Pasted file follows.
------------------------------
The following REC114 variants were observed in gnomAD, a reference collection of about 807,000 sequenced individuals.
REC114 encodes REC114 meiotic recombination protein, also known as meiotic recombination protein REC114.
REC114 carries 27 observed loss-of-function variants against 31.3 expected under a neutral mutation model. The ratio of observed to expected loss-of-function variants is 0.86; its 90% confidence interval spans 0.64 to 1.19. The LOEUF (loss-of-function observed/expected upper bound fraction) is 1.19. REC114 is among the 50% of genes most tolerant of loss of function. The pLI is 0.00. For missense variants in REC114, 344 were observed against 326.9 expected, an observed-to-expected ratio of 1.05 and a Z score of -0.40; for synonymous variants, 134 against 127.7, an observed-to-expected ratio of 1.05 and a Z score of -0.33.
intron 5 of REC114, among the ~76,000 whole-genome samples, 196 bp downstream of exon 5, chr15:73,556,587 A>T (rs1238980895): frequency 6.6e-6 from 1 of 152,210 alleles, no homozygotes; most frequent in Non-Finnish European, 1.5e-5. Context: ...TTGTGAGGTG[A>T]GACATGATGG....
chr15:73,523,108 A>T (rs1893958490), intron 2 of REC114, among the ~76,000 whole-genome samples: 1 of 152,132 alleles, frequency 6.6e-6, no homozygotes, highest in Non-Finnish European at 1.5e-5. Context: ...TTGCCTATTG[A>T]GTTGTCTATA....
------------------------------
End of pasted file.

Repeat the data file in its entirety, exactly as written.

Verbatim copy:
The following REC114 variants were observed in gnomAD, a reference collection of about 807,000 sequenced individuals.
REC114 encodes REC114 meiotic recombination protein, also known as meiotic recombination protein REC114.
REC114 carries 27 observed loss-of-function variants against 31.3 expected under a neutral mutation model. The ratio of observed to expected loss-of-function variants is 0.86; its 90% confidence interval spans 0.64 to 1.19. The LOEUF (loss-of-function observed/expected upper bound fraction) is 1.19. REC114 is among the 50% of genes most tolerant of loss of function. The pLI is 0.00. For missense variants in REC114, 344 were observed against 326.9 expected, an observed-to-expected ratio of 1.05 and a Z score of -0.40; for synonymous variants, 134 against 127.7, an observed-to-expected ratio of 1.05 and a Z score of -0.33.
intron 5 of REC114, among the ~76,000 whole-genome samples, 196 bp downstream of exon 5, chr15:73,556,587 A>T (rs1238980895): frequency 6.6e-6 from 1 of 152,210 alleles, no homozygotes; most frequent in Non-Finnish European, 1.5e-5. Context: ...TTGTGAGGTG[A>T]GACATGATGG....
chr15:73,523,108 A>T (rs1893958490), intron 2 of REC114, among the ~76,000 whole-genome samples: 1 of 152,132 alleles, frequency 6.6e-6, no homozygotes, highest in Non-Finnish European at 1.5e-5. Context: ...TTGCCTATTG[A>T]GTTGTCTATA....